Following the detection of spin torsion radiation from the Sun there arose a question as to whether spin torsion radiation was radiated from other sources.
This question was investigated by a method that relied on screening an interferometer from different directions and checking to see if the screening had any effect. Other smaller devices that also responded to spin torsion radiation were also used to try to improve the accuracy. These early experiments gave positive results and indicated that there was at least one other source of radiation and that source was approximately in the direction in which the Solar System was travelling through the galaxy.
The experiment described here used the same equipment that was used to investigate spin torsion radiation from the Sun. The accuracy of the equipment allowed a source of spin torsion radiation to be identified that appeared to come from galactic longitude 90° latitude 0°.
The radiation coming from galactic longitude 90° latitude 0° was passed between the poles of a powerful permanent magnet before it reached the measuring apparatus. It was found that the radiation beam was deflected by 0.75 degrees to the left or right depending on the polarity of the magnetic field. This result was identical to the result from applying a magnetic field to spin torsion radiation from the Sun.
There is a problem in making any assumptions about the results. When the apparatus used in this experiment was used to investigate spin torsion radiation from the Sun it was found to be responsive to radiation from the Sun's true rather than the optical position. Because of this it is not possible to be sure that the radiation detected in this experiment does not actually come from the true position of some galactic object.
First attempts at locating another field were made using a so called Dual Mass Device (DMD) developed by A.N.Coll for other purposes and supplied by him. A DMD uses two small cylindrical masses - typically 1 cm diameter and 1cm deep, spaced apart on a brass rod by 10cm. The rod is supported using a brass stand. The device creates an interference fringe whose distance can be adjusted by changing the spacing between the masses.
To search for another field one of the masses was screened in various different directions by crossed Spin Polarisers. For each direction of the screen checks were made to see if any changes occured to the fringe distance. This work established that there was another field and with the help of C. M. Humphries it was narrowed down to the Cygnus constellation. This is the direction that the Solar System is travelling through the galaxy.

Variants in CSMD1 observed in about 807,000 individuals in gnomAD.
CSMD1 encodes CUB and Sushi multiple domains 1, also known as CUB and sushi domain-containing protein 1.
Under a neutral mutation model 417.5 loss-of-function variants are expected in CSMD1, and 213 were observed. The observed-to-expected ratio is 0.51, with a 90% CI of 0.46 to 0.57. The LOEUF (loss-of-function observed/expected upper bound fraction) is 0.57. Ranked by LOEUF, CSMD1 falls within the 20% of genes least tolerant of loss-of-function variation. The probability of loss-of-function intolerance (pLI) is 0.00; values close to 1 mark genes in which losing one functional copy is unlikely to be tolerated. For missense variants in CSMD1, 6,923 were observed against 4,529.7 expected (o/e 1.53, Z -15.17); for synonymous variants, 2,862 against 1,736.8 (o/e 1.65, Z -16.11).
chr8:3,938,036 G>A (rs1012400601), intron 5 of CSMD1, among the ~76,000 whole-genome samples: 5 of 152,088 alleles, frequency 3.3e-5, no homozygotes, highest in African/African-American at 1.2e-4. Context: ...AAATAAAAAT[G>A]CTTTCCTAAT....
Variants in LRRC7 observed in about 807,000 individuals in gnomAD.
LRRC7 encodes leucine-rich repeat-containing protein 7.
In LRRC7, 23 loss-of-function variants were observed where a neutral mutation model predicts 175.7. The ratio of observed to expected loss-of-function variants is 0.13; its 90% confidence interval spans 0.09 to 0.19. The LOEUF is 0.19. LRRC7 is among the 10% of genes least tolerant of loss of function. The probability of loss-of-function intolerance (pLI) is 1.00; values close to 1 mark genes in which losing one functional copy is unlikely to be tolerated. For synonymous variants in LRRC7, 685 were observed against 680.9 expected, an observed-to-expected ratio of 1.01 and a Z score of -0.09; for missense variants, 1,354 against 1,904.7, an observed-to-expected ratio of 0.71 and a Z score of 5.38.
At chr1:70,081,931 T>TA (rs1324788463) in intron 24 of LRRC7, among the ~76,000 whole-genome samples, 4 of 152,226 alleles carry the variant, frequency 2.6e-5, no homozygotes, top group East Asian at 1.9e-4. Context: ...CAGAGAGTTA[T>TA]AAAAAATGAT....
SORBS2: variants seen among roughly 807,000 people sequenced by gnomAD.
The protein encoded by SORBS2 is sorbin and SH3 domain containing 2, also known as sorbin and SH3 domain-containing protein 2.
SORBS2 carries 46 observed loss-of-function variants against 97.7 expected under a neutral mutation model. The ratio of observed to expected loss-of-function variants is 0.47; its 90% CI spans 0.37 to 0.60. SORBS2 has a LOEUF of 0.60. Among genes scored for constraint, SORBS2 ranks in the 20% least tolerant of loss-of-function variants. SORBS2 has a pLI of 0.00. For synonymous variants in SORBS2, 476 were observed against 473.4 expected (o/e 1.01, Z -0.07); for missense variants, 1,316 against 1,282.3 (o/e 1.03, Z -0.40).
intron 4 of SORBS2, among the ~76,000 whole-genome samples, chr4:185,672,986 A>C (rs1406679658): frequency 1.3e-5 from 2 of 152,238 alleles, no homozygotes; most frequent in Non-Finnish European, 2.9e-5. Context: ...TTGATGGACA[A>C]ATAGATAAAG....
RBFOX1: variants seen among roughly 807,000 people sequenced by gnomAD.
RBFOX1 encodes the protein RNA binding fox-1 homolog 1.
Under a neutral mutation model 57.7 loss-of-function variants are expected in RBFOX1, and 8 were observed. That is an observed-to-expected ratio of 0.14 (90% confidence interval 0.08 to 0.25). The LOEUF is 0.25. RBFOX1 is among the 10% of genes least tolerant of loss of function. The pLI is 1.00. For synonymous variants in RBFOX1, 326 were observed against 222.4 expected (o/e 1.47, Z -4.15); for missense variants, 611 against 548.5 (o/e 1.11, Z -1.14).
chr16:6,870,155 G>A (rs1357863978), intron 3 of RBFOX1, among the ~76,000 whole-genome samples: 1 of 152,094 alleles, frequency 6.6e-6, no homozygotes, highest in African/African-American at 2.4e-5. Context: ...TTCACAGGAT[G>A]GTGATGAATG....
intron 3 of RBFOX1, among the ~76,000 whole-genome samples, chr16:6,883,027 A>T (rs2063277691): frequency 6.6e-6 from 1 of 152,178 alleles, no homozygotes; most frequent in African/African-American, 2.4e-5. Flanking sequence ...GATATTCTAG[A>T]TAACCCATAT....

In order to determine the origin of what we now call the Galactic field with more accuracy the pivoting tube system that was used to investigate the torsion field from the Sun was used. The position of the Sun at a particular time provided a reference angle to help align the apparatus.
Figure 1 shows a 1 metre long Aluminium tube a which passes through wooden block e which can be pivoted up and down (in altitude). The pivot angle is measured using a digital inclinometer.
Baseboard f can itself be pivoted horizontally about b (in azimuth) with respect to g. The baseboard is 1 metre long and has an angle scale h at the opposite end to pivot b. All of the pivots are of brass.
Once the initial direction of the baseboard has been set, the whole assembly can be adjusted by plus or minus five degrees from the nominal angle using scale h which is marked in 0.1° intervals.
Pivot block e has a white painted face c. In use the azimuth angle of the equipment can be determined by aligning it with the Sun by minimising the shadow of the tube on face c.
Figure 2 is a partial top view showing the direction r of the incoming spin torsion radiation from the north. The pole pieces of a large permanent magnet m whose details can be found in the Magnetic Field Effects experiment are shown in the top view. These pole pieces are only in place when investigating the effect of magnetic fields on the incoming radiation.
Fig. 1 Pivoting tube